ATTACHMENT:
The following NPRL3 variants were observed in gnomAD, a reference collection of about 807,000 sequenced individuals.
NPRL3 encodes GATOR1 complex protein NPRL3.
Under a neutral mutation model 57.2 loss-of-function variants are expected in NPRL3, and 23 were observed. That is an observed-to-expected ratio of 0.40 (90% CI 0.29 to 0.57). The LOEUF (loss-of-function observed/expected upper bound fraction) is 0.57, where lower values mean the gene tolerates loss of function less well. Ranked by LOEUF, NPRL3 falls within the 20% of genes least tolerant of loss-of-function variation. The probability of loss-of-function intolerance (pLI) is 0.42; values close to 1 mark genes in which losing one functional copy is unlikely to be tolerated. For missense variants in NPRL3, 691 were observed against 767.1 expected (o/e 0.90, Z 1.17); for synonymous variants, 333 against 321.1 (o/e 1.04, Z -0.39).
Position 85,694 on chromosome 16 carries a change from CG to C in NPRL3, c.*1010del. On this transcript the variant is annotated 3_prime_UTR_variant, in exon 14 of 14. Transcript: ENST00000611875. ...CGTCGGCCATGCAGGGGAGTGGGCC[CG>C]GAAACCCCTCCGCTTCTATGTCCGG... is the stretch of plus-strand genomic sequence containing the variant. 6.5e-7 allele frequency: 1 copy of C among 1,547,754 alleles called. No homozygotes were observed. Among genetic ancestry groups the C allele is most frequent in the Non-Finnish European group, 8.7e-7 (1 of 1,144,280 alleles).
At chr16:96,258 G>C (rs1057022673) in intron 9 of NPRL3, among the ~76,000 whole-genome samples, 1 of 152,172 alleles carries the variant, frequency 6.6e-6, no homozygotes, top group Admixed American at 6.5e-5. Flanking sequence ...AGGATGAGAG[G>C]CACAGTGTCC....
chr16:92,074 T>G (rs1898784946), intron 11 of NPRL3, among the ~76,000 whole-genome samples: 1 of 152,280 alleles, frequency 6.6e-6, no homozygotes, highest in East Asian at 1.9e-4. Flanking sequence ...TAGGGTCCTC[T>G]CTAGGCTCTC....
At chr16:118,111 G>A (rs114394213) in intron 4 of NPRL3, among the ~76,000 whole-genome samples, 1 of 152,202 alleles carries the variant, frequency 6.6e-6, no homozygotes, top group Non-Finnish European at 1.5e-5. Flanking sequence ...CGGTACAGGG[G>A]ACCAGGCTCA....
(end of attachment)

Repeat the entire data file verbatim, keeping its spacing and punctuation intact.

The following NPRL3 variants were observed in gnomAD, a reference collection of about 807,000 sequenced individuals.
NPRL3 encodes GATOR1 complex protein NPRL3.
Under a neutral mutation model 57.2 loss-of-function variants are expected in NPRL3, and 23 were observed. That is an observed-to-expected ratio of 0.40 (90% CI 0.29 to 0.57). The LOEUF (loss-of-function observed/expected upper bound fraction) is 0.57, where lower values mean the gene tolerates loss of function less well. Ranked by LOEUF, NPRL3 falls within the 20% of genes least tolerant of loss-of-function variation. The probability of loss-of-function intolerance (pLI) is 0.42; values close to 1 mark genes in which losing one functional copy is unlikely to be tolerated. For missense variants in NPRL3, 691 were observed against 767.1 expected (o/e 0.90, Z 1.17); for synonymous variants, 333 against 321.1 (o/e 1.04, Z -0.39).
Position 85,694 on chromosome 16 carries a change from CG to C in NPRL3, c.*1010del. On this transcript the variant is annotated 3_prime_UTR_variant, in exon 14 of 14. Transcript: ENST00000611875. ...CGTCGGCCATGCAGGGGAGTGGGCC[CG>C]GAAACCCCTCCGCTTCTATGTCCGG... is the stretch of plus-strand genomic sequence containing the variant. 6.5e-7 allele frequency: 1 copy of C among 1,547,754 alleles called. No homozygotes were observed. Among genetic ancestry groups the C allele is most frequent in the Non-Finnish European group, 8.7e-7 (1 of 1,144,280 alleles).
At chr16:96,258 G>C (rs1057022673) in intron 9 of NPRL3, among the ~76,000 whole-genome samples, 1 of 152,172 alleles carries the variant, frequency 6.6e-6, no homozygotes, top group Admixed American at 6.5e-5. Flanking sequence ...AGGATGAGAG[G>C]CACAGTGTCC....
chr16:92,074 T>G (rs1898784946), intron 11 of NPRL3, among the ~76,000 whole-genome samples: 1 of 152,280 alleles, frequency 6.6e-6, no homozygotes, highest in East Asian at 1.9e-4. Flanking sequence ...TAGGGTCCTC[T>G]CTAGGCTCTC....
At chr16:118,111 G>A (rs114394213) in intron 4 of NPRL3, among the ~76,000 whole-genome samples, 1 of 152,202 alleles carries the variant, frequency 6.6e-6, no homozygotes, top group Non-Finnish European at 1.5e-5. Flanking sequence ...CGGTACAGGG[G>A]ACCAGGCTCA....